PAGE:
Thursday, January 26, 2012

The Pareto Principle and the 20 Mile March

My friend Matt from linked me to an article from the Jiu-Jitsu Lab that applied the Pareto Principle to jiu-jitsu, and I have been thinking about it ever since.  David (the author of the Jiu-Jitsu Lab) explains the Pareto Principle better than I can:

“The idea is that in many systems there is inequality between causes and effects. Real-world examples include that 80% of all complaints will come from 20% of customers, and that 80% of sales will be made by 20% of staff. In the martial arts world, the theory is that 20% of all techniques account for 80% of success, therefore 80% of training should be built around those 20% of techniques.”

David explores the challenge of applying the Pareto Principle to training by discussing the difficulty of defining “basic” techniques and by citing the success of high level grapplers that have made complex, advanced techniques (that most grapplers probably would not have been grouped into the 20% of all techniques that are effective).  These are issues worth exploring, and Matt from is leading the debate, but for our purposes, the Pareto Principle provides useful guidance.

To get back into fight shape, I know that I need to refresh my jiu-jitsu through repetition and trigger training.  Unfortunately, my time is limited.  I cannot possibly drill every technique that I have earned.  Instead, I plan to dedicate the majority of my training time to my core game plan, which I have designed (with the help of my instructors and training partners) to repeat a lot of the same movements and tactics in a variety of positions.  By creating as much overlap as possible in my game plan, I can cover a lot of ground by training a relatively small batch of techniques.  In five years of training, I have been exposed to a lot of technique, but I focus my drilling on the 20% that works for me.  This will make recovery a bit easier.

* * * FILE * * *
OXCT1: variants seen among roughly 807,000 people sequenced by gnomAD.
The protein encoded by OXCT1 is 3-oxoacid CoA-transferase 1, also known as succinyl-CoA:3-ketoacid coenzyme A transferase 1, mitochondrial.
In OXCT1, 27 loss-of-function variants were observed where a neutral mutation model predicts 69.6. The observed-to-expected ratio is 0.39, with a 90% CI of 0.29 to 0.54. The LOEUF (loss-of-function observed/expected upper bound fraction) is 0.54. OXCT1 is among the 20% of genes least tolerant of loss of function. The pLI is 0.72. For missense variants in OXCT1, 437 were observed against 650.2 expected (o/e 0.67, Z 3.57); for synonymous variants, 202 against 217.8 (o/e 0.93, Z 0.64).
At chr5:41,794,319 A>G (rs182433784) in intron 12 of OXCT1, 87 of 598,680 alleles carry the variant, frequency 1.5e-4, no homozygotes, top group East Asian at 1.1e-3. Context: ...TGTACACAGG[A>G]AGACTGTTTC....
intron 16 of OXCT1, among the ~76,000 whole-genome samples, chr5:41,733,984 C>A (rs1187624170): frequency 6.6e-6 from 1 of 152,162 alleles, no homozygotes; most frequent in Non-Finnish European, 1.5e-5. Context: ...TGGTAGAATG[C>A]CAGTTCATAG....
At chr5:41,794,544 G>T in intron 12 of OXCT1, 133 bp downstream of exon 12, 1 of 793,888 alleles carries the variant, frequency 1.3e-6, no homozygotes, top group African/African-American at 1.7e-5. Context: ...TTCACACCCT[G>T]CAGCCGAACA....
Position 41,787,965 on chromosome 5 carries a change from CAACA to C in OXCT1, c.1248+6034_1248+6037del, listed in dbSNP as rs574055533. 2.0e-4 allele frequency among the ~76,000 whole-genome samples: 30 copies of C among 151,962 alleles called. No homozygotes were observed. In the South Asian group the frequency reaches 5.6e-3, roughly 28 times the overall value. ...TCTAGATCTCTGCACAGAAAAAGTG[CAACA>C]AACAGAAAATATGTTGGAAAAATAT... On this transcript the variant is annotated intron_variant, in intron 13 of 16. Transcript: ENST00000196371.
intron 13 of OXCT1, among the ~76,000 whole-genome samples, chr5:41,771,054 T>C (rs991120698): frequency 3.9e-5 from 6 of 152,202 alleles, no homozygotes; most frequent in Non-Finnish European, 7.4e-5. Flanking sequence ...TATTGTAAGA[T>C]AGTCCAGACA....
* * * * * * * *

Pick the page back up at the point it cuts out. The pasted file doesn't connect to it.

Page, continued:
When I work with new students, I try to encourage them to adopt a similar mindset, but it’s difficult to pick the best weapons for you without first broadening your horizons and accumulating a significant collection of attacks.  So, with new students, I find myself encouraging them to pick two or three techniques—that connect, preferably—and drilling those techniques after each class and after open mat, an extra 20 repetitions at least.  These extra repetitions help to develop their muscle memory and help them to develop their 20% (thank you, David for providing a concept that explains this training practice).

20 repetitions after class may sound insignificant, but it’s part of a 20 Mile March.  The concept of the 20 Mile March is something that Jim Collins, a business author, writes about in his book Great by Choice.  Collins argues that the most successful businesses (and individuals in general) are the ones that set reasonably challenging goals and stick to them in good times and bad.  The unsuccessful companies go hard, clocking 50 miles when times are good, and scale back to 5 or 10 miles when times are bad.  In the short run, the 20 Mile Marchers seem to fall behind, but in the long run, their consistency allows them to perform at least 10 times better than their competitors.

I do my best to 20 Mile March, and I encourage you to as well.  Set realistic goals that you can keep week to week for years to come.  When is a pretty good diet better than the ulta-perfect super strict diet?  When you can keep it.  When is training three times a week better than training 7 days a week?  When you can do it for 10 years.  Going hard and going big is admirable, but consistency is key, and that’s been a hard lesson for me to learn.  Take your favorite 20% techniques and start drilling a few each month with a schedule that you can keep.  It will make a big difference in your game, and it will make returning from an injury a bit easier if you are ever faced with that challenge.

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